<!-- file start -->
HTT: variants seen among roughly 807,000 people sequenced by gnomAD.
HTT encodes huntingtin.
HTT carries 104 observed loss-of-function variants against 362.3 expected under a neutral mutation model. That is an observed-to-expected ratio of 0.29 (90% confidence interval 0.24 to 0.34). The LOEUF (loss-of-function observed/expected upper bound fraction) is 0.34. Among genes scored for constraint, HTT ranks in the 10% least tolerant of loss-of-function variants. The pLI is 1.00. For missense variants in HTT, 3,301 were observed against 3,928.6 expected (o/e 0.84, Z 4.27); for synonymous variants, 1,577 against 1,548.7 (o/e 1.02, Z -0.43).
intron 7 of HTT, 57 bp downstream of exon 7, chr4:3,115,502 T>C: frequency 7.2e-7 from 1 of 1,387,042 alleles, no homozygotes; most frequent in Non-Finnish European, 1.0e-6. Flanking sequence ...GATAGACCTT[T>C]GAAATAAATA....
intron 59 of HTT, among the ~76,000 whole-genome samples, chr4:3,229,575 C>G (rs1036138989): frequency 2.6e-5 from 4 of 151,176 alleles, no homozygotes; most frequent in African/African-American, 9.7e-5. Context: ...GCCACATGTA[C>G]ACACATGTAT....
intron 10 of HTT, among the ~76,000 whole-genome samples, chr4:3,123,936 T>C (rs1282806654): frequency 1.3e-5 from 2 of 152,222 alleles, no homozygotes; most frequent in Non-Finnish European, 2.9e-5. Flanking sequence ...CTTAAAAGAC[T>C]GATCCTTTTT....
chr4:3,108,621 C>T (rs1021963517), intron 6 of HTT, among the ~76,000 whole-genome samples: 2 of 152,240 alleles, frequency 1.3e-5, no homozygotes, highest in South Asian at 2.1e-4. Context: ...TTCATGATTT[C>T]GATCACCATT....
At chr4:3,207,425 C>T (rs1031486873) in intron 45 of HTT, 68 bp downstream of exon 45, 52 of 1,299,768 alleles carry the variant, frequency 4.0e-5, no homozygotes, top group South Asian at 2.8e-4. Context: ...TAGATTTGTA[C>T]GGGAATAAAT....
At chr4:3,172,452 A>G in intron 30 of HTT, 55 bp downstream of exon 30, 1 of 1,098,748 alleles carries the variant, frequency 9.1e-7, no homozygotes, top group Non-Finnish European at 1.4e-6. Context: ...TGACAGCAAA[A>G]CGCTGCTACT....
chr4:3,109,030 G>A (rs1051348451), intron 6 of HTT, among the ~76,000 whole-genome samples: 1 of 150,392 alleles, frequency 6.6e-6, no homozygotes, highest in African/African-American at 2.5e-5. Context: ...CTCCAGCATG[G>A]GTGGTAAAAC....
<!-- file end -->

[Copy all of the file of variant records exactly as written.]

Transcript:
HTT: variants seen among roughly 807,000 people sequenced by gnomAD.
HTT encodes huntingtin.
HTT carries 104 observed loss-of-function variants against 362.3 expected under a neutral mutation model. That is an observed-to-expected ratio of 0.29 (90% confidence interval 0.24 to 0.34). The LOEUF (loss-of-function observed/expected upper bound fraction) is 0.34. Among genes scored for constraint, HTT ranks in the 10% least tolerant of loss-of-function variants. The pLI is 1.00. For missense variants in HTT, 3,301 were observed against 3,928.6 expected (o/e 0.84, Z 4.27); for synonymous variants, 1,577 against 1,548.7 (o/e 1.02, Z -0.43).
intron 7 of HTT, 57 bp downstream of exon 7, chr4:3,115,502 T>C: frequency 7.2e-7 from 1 of 1,387,042 alleles, no homozygotes; most frequent in Non-Finnish European, 1.0e-6. Flanking sequence ...GATAGACCTT[T>C]GAAATAAATA....
intron 59 of HTT, among the ~76,000 whole-genome samples, chr4:3,229,575 C>G (rs1036138989): frequency 2.6e-5 from 4 of 151,176 alleles, no homozygotes; most frequent in African/African-American, 9.7e-5. Context: ...GCCACATGTA[C>G]ACACATGTAT....
intron 10 of HTT, among the ~76,000 whole-genome samples, chr4:3,123,936 T>C (rs1282806654): frequency 1.3e-5 from 2 of 152,222 alleles, no homozygotes; most frequent in Non-Finnish European, 2.9e-5. Flanking sequence ...CTTAAAAGAC[T>C]GATCCTTTTT....
chr4:3,108,621 C>T (rs1021963517), intron 6 of HTT, among the ~76,000 whole-genome samples: 2 of 152,240 alleles, frequency 1.3e-5, no homozygotes, highest in South Asian at 2.1e-4. Context: ...TTCATGATTT[C>T]GATCACCATT....
At chr4:3,207,425 C>T (rs1031486873) in intron 45 of HTT, 68 bp downstream of exon 45, 52 of 1,299,768 alleles carry the variant, frequency 4.0e-5, no homozygotes, top group South Asian at 2.8e-4. Context: ...TAGATTTGTA[C>T]GGGAATAAAT....
At chr4:3,172,452 A>G in intron 30 of HTT, 55 bp downstream of exon 30, 1 of 1,098,748 alleles carries the variant, frequency 9.1e-7, no homozygotes, top group Non-Finnish European at 1.4e-6. Context: ...TGACAGCAAA[A>G]CGCTGCTACT....
chr4:3,109,030 G>A (rs1051348451), intron 6 of HTT, among the ~76,000 whole-genome samples: 1 of 150,392 alleles, frequency 6.6e-6, no homozygotes, highest in African/African-American at 2.5e-5. Context: ...CTCCAGCATG[G>A]GTGGTAAAAC....